From complete repair and refinishing to preserving the object from future deterioration, the needs of the object and those of the owner are met in a thoughtful balance.
Antiques require special attention to be paid to preserve as much as possible when repairing damage, yet the act of using our furniture makes certain losses inevitable.
While wax, and resin finishes are available, John specializes in French polish, a shellac finish which is incomparable for its beauty and clarity. As importantly, it can be renewed almost indefinitely.
The most common repair in the studio is re-gluing loose chairs and repairing breaks. Out of all the furniture, chairs get the hardest use. Early chairs often exhibit multiple repairs from earlier repair attempts.
While complete upholstery is usually sent to qualified upholsterers, there are many times when the upholstery must be undone so a repair can be made and then put back on, preserving original material. Also, there are times when, in order to preserve the frame, other attachment techniques are required.
Desks with leather inserts are often so worn and faded that replacement is cheaper and better looking than a restoration. The shop has an assortment of brass rolls to emboss the leather either with gold or blind (blackened). Very little leather is kept in stock but is purchased to order.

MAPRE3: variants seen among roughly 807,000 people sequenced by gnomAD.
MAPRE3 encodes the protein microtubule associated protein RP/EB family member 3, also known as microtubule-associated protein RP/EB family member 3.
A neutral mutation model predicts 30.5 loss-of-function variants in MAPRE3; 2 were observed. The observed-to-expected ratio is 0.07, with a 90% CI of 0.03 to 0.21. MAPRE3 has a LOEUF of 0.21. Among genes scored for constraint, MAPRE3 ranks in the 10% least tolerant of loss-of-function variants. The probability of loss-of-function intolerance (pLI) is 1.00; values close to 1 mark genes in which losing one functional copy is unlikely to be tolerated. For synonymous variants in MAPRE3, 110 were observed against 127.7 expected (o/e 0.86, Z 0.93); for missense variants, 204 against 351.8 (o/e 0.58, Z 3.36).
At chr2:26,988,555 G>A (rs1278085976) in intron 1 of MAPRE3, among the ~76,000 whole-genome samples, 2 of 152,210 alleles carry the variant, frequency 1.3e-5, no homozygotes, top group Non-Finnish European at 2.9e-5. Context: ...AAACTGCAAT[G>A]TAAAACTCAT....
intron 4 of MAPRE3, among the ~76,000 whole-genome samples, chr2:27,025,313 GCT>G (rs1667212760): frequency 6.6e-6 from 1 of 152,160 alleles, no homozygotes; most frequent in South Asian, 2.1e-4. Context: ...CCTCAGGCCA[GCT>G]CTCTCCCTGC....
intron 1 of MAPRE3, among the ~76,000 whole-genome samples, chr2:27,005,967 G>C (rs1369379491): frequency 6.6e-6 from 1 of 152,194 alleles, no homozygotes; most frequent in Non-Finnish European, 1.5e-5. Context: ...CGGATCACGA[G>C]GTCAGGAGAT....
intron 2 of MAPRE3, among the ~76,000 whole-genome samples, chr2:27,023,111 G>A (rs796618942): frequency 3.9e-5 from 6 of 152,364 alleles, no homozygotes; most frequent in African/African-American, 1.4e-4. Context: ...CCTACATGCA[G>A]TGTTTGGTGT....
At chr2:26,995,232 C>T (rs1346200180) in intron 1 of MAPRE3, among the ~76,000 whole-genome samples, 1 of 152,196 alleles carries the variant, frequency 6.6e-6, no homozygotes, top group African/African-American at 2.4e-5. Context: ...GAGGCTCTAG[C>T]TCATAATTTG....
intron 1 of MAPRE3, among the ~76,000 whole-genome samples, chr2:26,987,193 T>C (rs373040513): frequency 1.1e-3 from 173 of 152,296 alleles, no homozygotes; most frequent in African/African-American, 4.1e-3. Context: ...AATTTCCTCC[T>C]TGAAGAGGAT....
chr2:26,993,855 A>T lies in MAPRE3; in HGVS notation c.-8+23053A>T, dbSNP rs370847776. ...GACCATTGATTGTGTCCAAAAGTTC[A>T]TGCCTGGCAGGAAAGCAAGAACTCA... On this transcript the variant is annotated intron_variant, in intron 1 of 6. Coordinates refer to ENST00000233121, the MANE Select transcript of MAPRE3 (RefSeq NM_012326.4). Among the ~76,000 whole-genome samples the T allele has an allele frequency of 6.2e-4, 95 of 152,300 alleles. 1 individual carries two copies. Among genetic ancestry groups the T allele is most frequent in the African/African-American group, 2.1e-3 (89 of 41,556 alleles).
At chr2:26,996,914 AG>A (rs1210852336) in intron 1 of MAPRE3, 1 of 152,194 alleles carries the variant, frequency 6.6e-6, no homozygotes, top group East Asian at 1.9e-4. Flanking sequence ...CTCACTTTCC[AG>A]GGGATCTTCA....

Brass is often an integral part of furniture, from inlays to hinges to hardware. Frequently, there are losses and breakages that need to be repaired. While there are many sources of period-looking hardware, sometimes it is easier and conservative to repair a broken brass part as has been done on a few of the plates on this desk.
Conservation gilding is a better description of the work performed in the studio. All attempts are made to preserve as much original gilding as possible, in-painting with paint and/or gold leaf as is necessary to compensate losses in the gold and gesso.
A recent "marble" top. While the actual faux painting took less than an hour, the preparation of this panel required 3 coats of epoxy and 3 coats of oil-base primer, then sanded dead flat. As in all finishing, preparation is key.
Carved elements are almost as old as furniture itself and due to their decorative nature, they are often more fragile and prone to breakage and loss. The above photograph shows a copy of a shell made for a lowboy commission.
Furniture repair: Chairs, tables, desks, clocks, barometers, bookcases, bureaus, chest of drawers, commodes, shelves, tea caddies, objets d' art, picture frames, mirror frames, gilded frames. American furniture, English furniture, French furniture, Asian furniture. Urushi lacquerware and urushi lacquer.
Restoration, conservation, preservation. Gilding, inlaying, gluing, fabricating, turning, carving, soldering, upholstery, French polish, restoring finishes, refinishing, desk leather installation, tooling, waxing, polishing, making keys, faux finishing.
John Coffey works in Locust Valley, Long Island, New York, near Oyster Bay, near Glen Cove, near Glen Head, and near Sea Cliff. Call to make an appointment. 516.676.4216